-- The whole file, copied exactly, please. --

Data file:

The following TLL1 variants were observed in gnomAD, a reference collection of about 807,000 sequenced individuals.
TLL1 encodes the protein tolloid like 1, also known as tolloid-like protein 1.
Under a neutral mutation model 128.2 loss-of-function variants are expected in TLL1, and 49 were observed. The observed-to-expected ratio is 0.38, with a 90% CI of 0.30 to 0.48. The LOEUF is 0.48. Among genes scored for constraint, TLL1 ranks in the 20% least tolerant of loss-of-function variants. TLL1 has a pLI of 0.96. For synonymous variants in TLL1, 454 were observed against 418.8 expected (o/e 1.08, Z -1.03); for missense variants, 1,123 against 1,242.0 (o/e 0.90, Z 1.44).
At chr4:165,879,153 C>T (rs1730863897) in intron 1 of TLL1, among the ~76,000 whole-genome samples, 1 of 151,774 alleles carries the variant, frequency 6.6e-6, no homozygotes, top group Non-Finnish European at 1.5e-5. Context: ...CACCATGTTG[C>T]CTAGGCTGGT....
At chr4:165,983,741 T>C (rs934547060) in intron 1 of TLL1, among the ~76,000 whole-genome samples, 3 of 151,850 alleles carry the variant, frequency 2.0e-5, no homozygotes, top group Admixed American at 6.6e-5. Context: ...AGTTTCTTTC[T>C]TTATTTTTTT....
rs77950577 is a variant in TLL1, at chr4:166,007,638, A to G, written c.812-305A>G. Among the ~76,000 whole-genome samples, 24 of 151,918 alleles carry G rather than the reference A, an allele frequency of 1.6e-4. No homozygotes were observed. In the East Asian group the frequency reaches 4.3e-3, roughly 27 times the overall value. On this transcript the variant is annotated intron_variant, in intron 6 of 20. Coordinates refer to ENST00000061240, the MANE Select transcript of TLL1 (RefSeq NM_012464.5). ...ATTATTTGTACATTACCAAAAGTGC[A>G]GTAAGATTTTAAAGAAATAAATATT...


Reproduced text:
The following TLL1 variants were observed in gnomAD, a reference collection of about 807,000 sequenced individuals.
TLL1 encodes the protein tolloid like 1, also known as tolloid-like protein 1.
Under a neutral mutation model 128.2 loss-of-function variants are expected in TLL1, and 49 were observed. The observed-to-expected ratio is 0.38, with a 90% CI of 0.30 to 0.48. The LOEUF is 0.48. Among genes scored for constraint, TLL1 ranks in the 20% least tolerant of loss-of-function variants. TLL1 has a pLI of 0.96. For synonymous variants in TLL1, 454 were observed against 418.8 expected (o/e 1.08, Z -1.03); for missense variants, 1,123 against 1,242.0 (o/e 0.90, Z 1.44).
At chr4:165,879,153 C>T (rs1730863897) in intron 1 of TLL1, among the ~76,000 whole-genome samples, 1 of 151,774 alleles carries the variant, frequency 6.6e-6, no homozygotes, top group Non-Finnish European at 1.5e-5. Context: ...CACCATGTTG[C>T]CTAGGCTGGT....
At chr4:165,983,741 T>C (rs934547060) in intron 1 of TLL1, among the ~76,000 whole-genome samples, 3 of 151,850 alleles carry the variant, frequency 2.0e-5, no homozygotes, top group Admixed American at 6.6e-5. Context: ...AGTTTCTTTC[T>C]TTATTTTTTT....
rs77950577 is a variant in TLL1, at chr4:166,007,638, A to G, written c.812-305A>G. Among the ~76,000 whole-genome samples, 24 of 151,918 alleles carry G rather than the reference A, an allele frequency of 1.6e-4. No homozygotes were observed. In the East Asian group the frequency reaches 4.3e-3, roughly 27 times the overall value. On this transcript the variant is annotated intron_variant, in intron 6 of 20. Coordinates refer to ENST00000061240, the MANE Select transcript of TLL1 (RefSeq NM_012464.5). ...ATTATTTGTACATTACCAAAAGTGC[A>G]GTAAGATTTTAAAGAAATAAATATT...